Operations research, analytics make government more efficient

By NICHOLAS G. HALL | Special to Stars and Stripes | Published: April 25, 2018

On March 20, the deputy director of Office of Management and Budget released President Donald Trump’s Management Agenda. The agenda emphasizes the federal government’s need to maximize the use of data and analytics to support policymakers’ decision-making processes. It reads in part:

“Efficient and effective decision-making is fact-based and transparent. However, Government agencies do not consistently apply data-driven decision-making practices. Smarter use of data and evidence is needed to orient decisions and accountability around service and results.”

A robust, holistic approach to the use of data would enable the federal government to achieve more efficient and effective outcomes for the American people. More specifically, the wider use of operations research, or O.R., and analytics across all aspects of government would save countless lives, save millions of dollars and help to solve some of the nation’s most challenging problems.

In simple terms, O.R. and analytics are the application of advanced mathematical tools that enable organizations to turn complex challenges into substantial opportunities. They do so by structuring data into solutions and insights for making better decisions and improving results. These powerful tools do not merely evaluate problems, they relentlessly seek solutions that provide the best possible outcome. That is, they deliver prescriptive value to decision makers.

For some policymakers in Washington, O.R. and analytics are already integrated into their work. In fact, O.R. and analytics trace their roots to World War II, when military planners leveraged statistics and advanced mathematics to solve logistical problems and plan combat operations. In the decades since, the military, the service academies and the intelligence community have extensively embraced these tools.

Other parts of the federal government have applied O.R. and analytics in a variety of ways, including:

 The Centers for Disease Control and Prevention eradicating the last pockets of the Wild Polio virus around the world.

 The Federal Communications Commission completing the world’s first two-sided auction of valuable low-band electromagnetic spectrum, contributing more than $7 billion to reduce the federal deficit.

 The Federal Aviation Administration deploying the Airspace Flow Program to improve air traffic management and reduce flight delays, saving hundreds of millions of dollars.

The power of O.R. and analytics also extends to state and local governments, including:

 The Pennsylvania Department of Corrections transforming the complicated process of assigning inmates to one of the department’s 25 facilities. What once took seven employees nearly a week to accomplish can now be completed in less than 10 minutes. The results include better assignments and substantial savings.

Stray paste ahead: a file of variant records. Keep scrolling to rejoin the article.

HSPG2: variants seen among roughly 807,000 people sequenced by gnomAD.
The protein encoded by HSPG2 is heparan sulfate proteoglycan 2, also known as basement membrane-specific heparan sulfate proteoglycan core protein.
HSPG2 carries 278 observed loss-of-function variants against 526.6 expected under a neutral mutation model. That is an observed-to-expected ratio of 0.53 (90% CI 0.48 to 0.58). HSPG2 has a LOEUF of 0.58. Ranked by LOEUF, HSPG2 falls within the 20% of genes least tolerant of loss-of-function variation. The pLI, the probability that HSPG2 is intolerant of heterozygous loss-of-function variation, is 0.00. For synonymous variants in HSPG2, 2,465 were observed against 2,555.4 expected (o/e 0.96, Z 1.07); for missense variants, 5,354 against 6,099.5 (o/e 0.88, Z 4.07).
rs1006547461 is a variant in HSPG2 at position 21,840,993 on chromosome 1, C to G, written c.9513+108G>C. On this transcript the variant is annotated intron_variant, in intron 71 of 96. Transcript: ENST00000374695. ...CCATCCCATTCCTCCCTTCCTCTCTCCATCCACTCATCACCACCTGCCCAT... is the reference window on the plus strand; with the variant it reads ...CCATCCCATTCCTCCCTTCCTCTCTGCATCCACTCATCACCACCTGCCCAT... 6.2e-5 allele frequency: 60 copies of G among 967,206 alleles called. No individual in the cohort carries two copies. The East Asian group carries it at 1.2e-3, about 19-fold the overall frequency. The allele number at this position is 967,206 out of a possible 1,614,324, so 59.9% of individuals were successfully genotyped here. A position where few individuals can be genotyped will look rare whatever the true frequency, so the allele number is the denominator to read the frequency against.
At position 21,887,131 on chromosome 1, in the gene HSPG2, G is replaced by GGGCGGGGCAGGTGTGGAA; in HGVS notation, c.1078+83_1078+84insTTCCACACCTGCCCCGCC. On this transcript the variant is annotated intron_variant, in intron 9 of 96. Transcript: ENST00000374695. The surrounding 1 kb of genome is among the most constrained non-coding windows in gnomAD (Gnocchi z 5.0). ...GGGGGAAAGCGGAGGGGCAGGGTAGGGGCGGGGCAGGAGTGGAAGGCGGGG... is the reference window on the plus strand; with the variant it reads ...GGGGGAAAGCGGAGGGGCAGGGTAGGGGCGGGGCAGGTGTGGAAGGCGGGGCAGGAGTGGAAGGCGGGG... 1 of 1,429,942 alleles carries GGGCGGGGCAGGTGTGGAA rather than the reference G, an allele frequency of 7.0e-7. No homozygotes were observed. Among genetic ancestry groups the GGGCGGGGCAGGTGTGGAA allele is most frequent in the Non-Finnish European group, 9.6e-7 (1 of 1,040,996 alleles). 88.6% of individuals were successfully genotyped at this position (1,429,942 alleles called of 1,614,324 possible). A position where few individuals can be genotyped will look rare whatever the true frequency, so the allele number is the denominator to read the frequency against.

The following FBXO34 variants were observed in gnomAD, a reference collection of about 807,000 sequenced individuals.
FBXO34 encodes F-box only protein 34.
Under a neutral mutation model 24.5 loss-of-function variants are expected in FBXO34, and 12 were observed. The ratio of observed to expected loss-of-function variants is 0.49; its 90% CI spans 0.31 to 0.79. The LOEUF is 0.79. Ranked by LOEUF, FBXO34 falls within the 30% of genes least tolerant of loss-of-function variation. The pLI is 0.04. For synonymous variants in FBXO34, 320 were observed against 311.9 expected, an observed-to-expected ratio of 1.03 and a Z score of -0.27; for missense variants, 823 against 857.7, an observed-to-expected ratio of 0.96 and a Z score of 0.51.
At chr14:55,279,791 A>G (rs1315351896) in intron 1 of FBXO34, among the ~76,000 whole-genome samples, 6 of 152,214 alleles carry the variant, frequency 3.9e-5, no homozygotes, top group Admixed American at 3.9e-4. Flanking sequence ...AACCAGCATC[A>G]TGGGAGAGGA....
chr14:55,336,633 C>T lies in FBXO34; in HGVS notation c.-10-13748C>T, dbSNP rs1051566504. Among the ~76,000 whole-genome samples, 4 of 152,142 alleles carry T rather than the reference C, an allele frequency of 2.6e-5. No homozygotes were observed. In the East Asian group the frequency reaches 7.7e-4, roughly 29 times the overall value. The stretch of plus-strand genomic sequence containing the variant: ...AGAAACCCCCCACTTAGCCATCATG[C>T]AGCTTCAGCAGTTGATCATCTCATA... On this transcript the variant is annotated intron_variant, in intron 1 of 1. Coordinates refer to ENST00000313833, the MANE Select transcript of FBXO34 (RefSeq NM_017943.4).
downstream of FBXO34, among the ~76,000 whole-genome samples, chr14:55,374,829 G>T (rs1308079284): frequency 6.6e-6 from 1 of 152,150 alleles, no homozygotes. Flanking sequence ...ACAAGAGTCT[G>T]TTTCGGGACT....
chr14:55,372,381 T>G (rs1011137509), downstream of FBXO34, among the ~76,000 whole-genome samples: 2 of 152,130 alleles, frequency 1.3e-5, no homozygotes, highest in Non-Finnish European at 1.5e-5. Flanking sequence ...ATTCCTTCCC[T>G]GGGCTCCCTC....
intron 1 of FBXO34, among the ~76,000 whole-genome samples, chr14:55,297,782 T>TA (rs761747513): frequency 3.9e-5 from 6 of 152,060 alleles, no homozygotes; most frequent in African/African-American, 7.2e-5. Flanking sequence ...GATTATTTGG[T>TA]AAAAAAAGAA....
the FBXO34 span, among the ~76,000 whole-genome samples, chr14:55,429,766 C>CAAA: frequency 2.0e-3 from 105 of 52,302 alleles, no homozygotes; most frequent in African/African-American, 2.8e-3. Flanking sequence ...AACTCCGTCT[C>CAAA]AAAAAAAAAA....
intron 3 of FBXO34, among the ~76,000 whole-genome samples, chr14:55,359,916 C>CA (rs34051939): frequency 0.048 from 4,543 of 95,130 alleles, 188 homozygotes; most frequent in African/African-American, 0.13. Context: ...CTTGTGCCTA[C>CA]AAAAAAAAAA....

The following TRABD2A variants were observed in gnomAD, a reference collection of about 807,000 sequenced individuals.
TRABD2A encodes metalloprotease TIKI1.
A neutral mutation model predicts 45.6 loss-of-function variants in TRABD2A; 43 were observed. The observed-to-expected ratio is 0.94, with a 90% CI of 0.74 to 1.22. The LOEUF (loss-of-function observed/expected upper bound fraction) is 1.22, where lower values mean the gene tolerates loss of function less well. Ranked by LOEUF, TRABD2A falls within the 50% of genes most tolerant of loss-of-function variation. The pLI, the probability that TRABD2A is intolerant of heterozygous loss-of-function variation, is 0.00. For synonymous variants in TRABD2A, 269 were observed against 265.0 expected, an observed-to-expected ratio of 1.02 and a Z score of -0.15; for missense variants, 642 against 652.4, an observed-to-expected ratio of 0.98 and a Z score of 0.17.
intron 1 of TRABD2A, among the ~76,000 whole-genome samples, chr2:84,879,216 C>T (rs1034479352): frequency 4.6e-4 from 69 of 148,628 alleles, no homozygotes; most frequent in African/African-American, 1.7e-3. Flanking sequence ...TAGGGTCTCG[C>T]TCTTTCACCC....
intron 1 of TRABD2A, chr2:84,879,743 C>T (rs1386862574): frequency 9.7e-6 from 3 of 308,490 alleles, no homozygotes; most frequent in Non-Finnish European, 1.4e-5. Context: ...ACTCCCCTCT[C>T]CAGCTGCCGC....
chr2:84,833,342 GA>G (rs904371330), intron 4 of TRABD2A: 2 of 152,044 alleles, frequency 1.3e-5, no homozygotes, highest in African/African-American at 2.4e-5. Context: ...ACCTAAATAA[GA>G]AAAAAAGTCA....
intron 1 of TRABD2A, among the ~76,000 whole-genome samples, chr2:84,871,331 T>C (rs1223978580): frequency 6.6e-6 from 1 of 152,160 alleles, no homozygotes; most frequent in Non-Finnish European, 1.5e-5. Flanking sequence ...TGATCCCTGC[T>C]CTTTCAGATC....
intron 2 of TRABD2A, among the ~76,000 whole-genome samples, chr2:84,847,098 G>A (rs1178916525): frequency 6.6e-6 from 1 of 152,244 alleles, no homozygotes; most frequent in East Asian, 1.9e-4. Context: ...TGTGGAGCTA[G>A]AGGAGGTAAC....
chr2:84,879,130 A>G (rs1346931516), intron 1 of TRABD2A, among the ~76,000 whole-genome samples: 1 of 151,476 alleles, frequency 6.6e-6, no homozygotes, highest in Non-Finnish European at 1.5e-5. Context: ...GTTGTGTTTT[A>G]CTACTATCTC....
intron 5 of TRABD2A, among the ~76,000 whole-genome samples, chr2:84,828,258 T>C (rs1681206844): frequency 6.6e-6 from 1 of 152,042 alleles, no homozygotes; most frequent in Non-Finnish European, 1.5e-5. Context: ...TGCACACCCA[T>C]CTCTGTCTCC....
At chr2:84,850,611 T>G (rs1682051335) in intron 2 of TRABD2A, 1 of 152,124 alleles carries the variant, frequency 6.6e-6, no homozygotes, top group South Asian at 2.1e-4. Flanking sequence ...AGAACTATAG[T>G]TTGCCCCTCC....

The New York City Police Department creating the Domain Awareness System, a robust network of sensors, databases, devices, software and infrastructure that informs a variety of tactical and strategic decisions that officers make every day, saving at least $50 million per year.

In the private sector, O.R. and analytics have transformed how leaders make decisions and how organizations achieve increased efficiency and better outcomes. Examples of the far-ranging impact of these tools include:

 UPS revolutionizing its package and delivery operations and reducing annual fuel consumption by 10 million gallons and CO2 output by 100,000 metric tons, saving more than $300 million per year.

 Norfolk Southern improving average freight train arrivals from 100 minutes late to eight minutes early, saving $400 million a year.

 The Pediatric Heart Network creating and implementing a clinical practice guideline that improved surgical outcomes for patients while realizing a cost savings of 27 percent per patient.

In Washington, there is broad bipartisan agreement that various federal government programs and missions continue to operate under antiquated methods, accrue excessive costs and perform inefficiently. The Government Accountability Office frequently publishes reports of programmatic failures that negatively affect the American people. The president’s Management Agenda reinforces the need for the improvements that O.R. and analytics routinely deliver.

O.R. and analytics offer improved solutions to a plethora of governmentwide challenges on the horizon. From predicting disease outbreaks, to the creation of next-generation military systems, nurturing and regulation of the sharing economy, the development of the connected city and more, O.R. and analytics open a new frontier of efficiency and improved outcomes for American governance.

These are not new or unproven concepts. For decades, O.R. and analytics have delivered proven and profound impacts in the public and private sectors.

The American people deserve the most effective and efficient government possible. Embracing O.R. and analytics as a core component of Washington decisionmaking and policymaking will enable the application of proven methodologies for saving lives, saving money and solving problems.

Nicholas G. Hall is the 2018 president of INFORMS, the largest international association of operations research and analytics professionals.

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